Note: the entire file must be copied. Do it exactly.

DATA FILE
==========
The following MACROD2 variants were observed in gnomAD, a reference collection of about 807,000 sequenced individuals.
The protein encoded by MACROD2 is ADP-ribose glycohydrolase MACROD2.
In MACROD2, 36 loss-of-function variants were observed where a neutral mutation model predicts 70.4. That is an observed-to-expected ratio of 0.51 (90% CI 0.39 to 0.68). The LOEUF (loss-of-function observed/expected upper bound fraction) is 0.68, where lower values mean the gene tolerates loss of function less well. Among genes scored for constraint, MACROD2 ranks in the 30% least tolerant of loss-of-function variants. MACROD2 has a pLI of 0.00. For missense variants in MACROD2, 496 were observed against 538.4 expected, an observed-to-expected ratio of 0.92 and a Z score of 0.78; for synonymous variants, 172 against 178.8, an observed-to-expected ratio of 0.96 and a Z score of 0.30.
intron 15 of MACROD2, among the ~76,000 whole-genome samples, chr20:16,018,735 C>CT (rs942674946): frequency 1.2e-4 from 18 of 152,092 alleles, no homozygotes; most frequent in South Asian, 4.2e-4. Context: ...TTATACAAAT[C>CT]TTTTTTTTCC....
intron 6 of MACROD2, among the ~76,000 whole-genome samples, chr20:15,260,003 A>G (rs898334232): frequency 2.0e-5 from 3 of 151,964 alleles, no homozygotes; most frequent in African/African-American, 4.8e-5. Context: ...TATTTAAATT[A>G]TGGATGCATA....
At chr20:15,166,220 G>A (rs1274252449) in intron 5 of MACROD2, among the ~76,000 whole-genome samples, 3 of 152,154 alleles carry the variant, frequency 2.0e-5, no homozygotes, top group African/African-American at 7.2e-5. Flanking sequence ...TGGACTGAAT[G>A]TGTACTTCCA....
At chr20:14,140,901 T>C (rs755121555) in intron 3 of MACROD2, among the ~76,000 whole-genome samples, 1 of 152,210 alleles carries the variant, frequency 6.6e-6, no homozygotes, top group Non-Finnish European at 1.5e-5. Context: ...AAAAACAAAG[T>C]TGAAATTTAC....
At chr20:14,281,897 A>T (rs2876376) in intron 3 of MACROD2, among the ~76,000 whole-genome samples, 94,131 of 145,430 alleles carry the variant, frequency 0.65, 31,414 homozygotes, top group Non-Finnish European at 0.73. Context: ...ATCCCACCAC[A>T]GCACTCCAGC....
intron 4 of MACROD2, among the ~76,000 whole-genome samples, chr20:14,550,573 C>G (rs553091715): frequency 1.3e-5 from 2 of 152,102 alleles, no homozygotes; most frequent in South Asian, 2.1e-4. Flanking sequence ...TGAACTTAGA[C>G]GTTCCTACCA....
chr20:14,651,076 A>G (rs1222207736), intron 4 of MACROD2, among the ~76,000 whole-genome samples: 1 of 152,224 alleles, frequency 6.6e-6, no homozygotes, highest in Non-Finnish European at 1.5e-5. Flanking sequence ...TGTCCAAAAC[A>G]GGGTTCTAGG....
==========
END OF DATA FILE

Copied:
The following MACROD2 variants were observed in gnomAD, a reference collection of about 807,000 sequenced individuals.
The protein encoded by MACROD2 is ADP-ribose glycohydrolase MACROD2.
In MACROD2, 36 loss-of-function variants were observed where a neutral mutation model predicts 70.4. That is an observed-to-expected ratio of 0.51 (90% CI 0.39 to 0.68). The LOEUF (loss-of-function observed/expected upper bound fraction) is 0.68, where lower values mean the gene tolerates loss of function less well. Among genes scored for constraint, MACROD2 ranks in the 30% least tolerant of loss-of-function variants. MACROD2 has a pLI of 0.00. For missense variants in MACROD2, 496 were observed against 538.4 expected, an observed-to-expected ratio of 0.92 and a Z score of 0.78; for synonymous variants, 172 against 178.8, an observed-to-expected ratio of 0.96 and a Z score of 0.30.
intron 15 of MACROD2, among the ~76,000 whole-genome samples, chr20:16,018,735 C>CT (rs942674946): frequency 1.2e-4 from 18 of 152,092 alleles, no homozygotes; most frequent in South Asian, 4.2e-4. Context: ...TTATACAAAT[C>CT]TTTTTTTTCC....
intron 6 of MACROD2, among the ~76,000 whole-genome samples, chr20:15,260,003 A>G (rs898334232): frequency 2.0e-5 from 3 of 151,964 alleles, no homozygotes; most frequent in African/African-American, 4.8e-5. Context: ...TATTTAAATT[A>G]TGGATGCATA....
At chr20:15,166,220 G>A (rs1274252449) in intron 5 of MACROD2, among the ~76,000 whole-genome samples, 3 of 152,154 alleles carry the variant, frequency 2.0e-5, no homozygotes, top group African/African-American at 7.2e-5. Flanking sequence ...TGGACTGAAT[G>A]TGTACTTCCA....
At chr20:14,140,901 T>C (rs755121555) in intron 3 of MACROD2, among the ~76,000 whole-genome samples, 1 of 152,210 alleles carries the variant, frequency 6.6e-6, no homozygotes, top group Non-Finnish European at 1.5e-5. Context: ...AAAAACAAAG[T>C]TGAAATTTAC....
At chr20:14,281,897 A>T (rs2876376) in intron 3 of MACROD2, among the ~76,000 whole-genome samples, 94,131 of 145,430 alleles carry the variant, frequency 0.65, 31,414 homozygotes, top group Non-Finnish European at 0.73. Context: ...ATCCCACCAC[A>T]GCACTCCAGC....
intron 4 of MACROD2, among the ~76,000 whole-genome samples, chr20:14,550,573 C>G (rs553091715): frequency 1.3e-5 from 2 of 152,102 alleles, no homozygotes; most frequent in South Asian, 2.1e-4. Flanking sequence ...TGAACTTAGA[C>G]GTTCCTACCA....
chr20:14,651,076 A>G (rs1222207736), intron 4 of MACROD2, among the ~76,000 whole-genome samples: 1 of 152,224 alleles, frequency 6.6e-6, no homozygotes, highest in Non-Finnish European at 1.5e-5. Flanking sequence ...TGTCCAAAAC[A>G]GGGTTCTAGG....